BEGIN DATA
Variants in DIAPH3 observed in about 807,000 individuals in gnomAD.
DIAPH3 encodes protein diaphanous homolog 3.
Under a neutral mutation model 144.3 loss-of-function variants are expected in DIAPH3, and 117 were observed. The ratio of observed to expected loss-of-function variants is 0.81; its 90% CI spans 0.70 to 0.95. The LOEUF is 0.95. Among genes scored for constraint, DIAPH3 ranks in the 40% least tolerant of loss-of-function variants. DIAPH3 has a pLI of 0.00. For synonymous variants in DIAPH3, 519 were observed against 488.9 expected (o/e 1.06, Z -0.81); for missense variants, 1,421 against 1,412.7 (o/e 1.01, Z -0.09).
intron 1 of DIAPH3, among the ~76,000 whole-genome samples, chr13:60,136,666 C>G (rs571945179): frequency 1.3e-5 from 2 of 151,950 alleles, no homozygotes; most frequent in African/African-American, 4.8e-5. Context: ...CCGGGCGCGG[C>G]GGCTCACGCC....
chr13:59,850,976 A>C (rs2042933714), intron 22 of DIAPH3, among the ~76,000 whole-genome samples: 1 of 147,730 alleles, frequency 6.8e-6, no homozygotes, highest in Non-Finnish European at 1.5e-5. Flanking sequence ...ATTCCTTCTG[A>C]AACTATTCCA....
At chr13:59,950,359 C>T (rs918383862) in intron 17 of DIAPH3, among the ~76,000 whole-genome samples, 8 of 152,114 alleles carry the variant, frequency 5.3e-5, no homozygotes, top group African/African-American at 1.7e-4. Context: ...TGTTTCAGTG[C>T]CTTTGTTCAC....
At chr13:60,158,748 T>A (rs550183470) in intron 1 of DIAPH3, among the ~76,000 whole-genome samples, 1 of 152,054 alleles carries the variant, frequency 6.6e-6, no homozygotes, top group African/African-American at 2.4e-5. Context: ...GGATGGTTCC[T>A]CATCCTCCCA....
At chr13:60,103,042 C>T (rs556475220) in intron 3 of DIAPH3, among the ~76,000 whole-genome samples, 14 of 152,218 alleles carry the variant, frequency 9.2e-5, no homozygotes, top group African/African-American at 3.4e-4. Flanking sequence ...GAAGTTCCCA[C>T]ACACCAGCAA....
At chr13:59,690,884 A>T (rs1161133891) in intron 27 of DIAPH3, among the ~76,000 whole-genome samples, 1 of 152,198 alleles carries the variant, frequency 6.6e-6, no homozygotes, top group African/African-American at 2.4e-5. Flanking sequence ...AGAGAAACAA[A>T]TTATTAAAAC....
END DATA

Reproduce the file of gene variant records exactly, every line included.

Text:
Variants in DIAPH3 observed in about 807,000 individuals in gnomAD.
DIAPH3 encodes protein diaphanous homolog 3.
Under a neutral mutation model 144.3 loss-of-function variants are expected in DIAPH3, and 117 were observed. The ratio of observed to expected loss-of-function variants is 0.81; its 90% CI spans 0.70 to 0.95. The LOEUF is 0.95. Among genes scored for constraint, DIAPH3 ranks in the 40% least tolerant of loss-of-function variants. DIAPH3 has a pLI of 0.00. For synonymous variants in DIAPH3, 519 were observed against 488.9 expected (o/e 1.06, Z -0.81); for missense variants, 1,421 against 1,412.7 (o/e 1.01, Z -0.09).
intron 1 of DIAPH3, among the ~76,000 whole-genome samples, chr13:60,136,666 C>G (rs571945179): frequency 1.3e-5 from 2 of 151,950 alleles, no homozygotes; most frequent in African/African-American, 4.8e-5. Context: ...CCGGGCGCGG[C>G]GGCTCACGCC....
chr13:59,850,976 A>C (rs2042933714), intron 22 of DIAPH3, among the ~76,000 whole-genome samples: 1 of 147,730 alleles, frequency 6.8e-6, no homozygotes, highest in Non-Finnish European at 1.5e-5. Flanking sequence ...ATTCCTTCTG[A>C]AACTATTCCA....
At chr13:59,950,359 C>T (rs918383862) in intron 17 of DIAPH3, among the ~76,000 whole-genome samples, 8 of 152,114 alleles carry the variant, frequency 5.3e-5, no homozygotes, top group African/African-American at 1.7e-4. Context: ...TGTTTCAGTG[C>T]CTTTGTTCAC....
At chr13:60,158,748 T>A (rs550183470) in intron 1 of DIAPH3, among the ~76,000 whole-genome samples, 1 of 152,054 alleles carries the variant, frequency 6.6e-6, no homozygotes, top group African/African-American at 2.4e-5. Context: ...GGATGGTTCC[T>A]CATCCTCCCA....
At chr13:60,103,042 C>T (rs556475220) in intron 3 of DIAPH3, among the ~76,000 whole-genome samples, 14 of 152,218 alleles carry the variant, frequency 9.2e-5, no homozygotes, top group African/African-American at 3.4e-4. Flanking sequence ...GAAGTTCCCA[C>T]ACACCAGCAA....
At chr13:59,690,884 A>T (rs1161133891) in intron 27 of DIAPH3, among the ~76,000 whole-genome samples, 1 of 152,198 alleles carries the variant, frequency 6.6e-6, no homozygotes, top group African/African-American at 2.4e-5. Flanking sequence ...AGAGAAACAA[A>T]TTATTAAAAC....